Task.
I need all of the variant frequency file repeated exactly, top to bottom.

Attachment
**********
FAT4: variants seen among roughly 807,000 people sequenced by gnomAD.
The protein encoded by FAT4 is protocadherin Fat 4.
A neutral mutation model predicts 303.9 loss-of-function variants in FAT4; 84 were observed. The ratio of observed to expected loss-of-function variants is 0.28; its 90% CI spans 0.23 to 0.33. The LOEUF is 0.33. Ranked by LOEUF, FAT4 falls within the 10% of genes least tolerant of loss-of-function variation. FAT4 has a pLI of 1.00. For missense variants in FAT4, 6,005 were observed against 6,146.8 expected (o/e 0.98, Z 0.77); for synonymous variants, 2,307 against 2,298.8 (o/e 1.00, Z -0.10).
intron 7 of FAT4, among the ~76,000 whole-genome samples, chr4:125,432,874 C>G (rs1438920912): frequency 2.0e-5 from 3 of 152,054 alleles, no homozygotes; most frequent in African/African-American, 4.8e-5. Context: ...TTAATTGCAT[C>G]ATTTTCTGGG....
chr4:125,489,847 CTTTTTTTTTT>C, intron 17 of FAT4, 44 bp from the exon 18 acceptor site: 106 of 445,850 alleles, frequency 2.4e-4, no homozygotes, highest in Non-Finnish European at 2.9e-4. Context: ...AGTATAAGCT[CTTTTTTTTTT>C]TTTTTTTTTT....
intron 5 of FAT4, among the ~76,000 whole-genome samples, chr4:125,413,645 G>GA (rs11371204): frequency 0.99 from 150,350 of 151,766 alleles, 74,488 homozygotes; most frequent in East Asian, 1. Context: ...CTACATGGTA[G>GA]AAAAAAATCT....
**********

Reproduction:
FAT4: variants seen among roughly 807,000 people sequenced by gnomAD.
The protein encoded by FAT4 is protocadherin Fat 4.
A neutral mutation model predicts 303.9 loss-of-function variants in FAT4; 84 were observed. The ratio of observed to expected loss-of-function variants is 0.28; its 90% CI spans 0.23 to 0.33. The LOEUF is 0.33. Ranked by LOEUF, FAT4 falls within the 10% of genes least tolerant of loss-of-function variation. FAT4 has a pLI of 1.00. For missense variants in FAT4, 6,005 were observed against 6,146.8 expected (o/e 0.98, Z 0.77); for synonymous variants, 2,307 against 2,298.8 (o/e 1.00, Z -0.10).
intron 7 of FAT4, among the ~76,000 whole-genome samples, chr4:125,432,874 C>G (rs1438920912): frequency 2.0e-5 from 3 of 152,054 alleles, no homozygotes; most frequent in African/African-American, 4.8e-5. Context: ...TTAATTGCAT[C>G]ATTTTCTGGG....
chr4:125,489,847 CTTTTTTTTTT>C, intron 17 of FAT4, 44 bp from the exon 18 acceptor site: 106 of 445,850 alleles, frequency 2.4e-4, no homozygotes, highest in Non-Finnish European at 2.9e-4. Context: ...AGTATAAGCT[CTTTTTTTTTT>C]TTTTTTTTTT....
intron 5 of FAT4, among the ~76,000 whole-genome samples, chr4:125,413,645 G>GA (rs11371204): frequency 0.99 from 150,350 of 151,766 alleles, 74,488 homozygotes; most frequent in East Asian, 1. Context: ...CTACATGGTA[G>GA]AAAAAAATCT....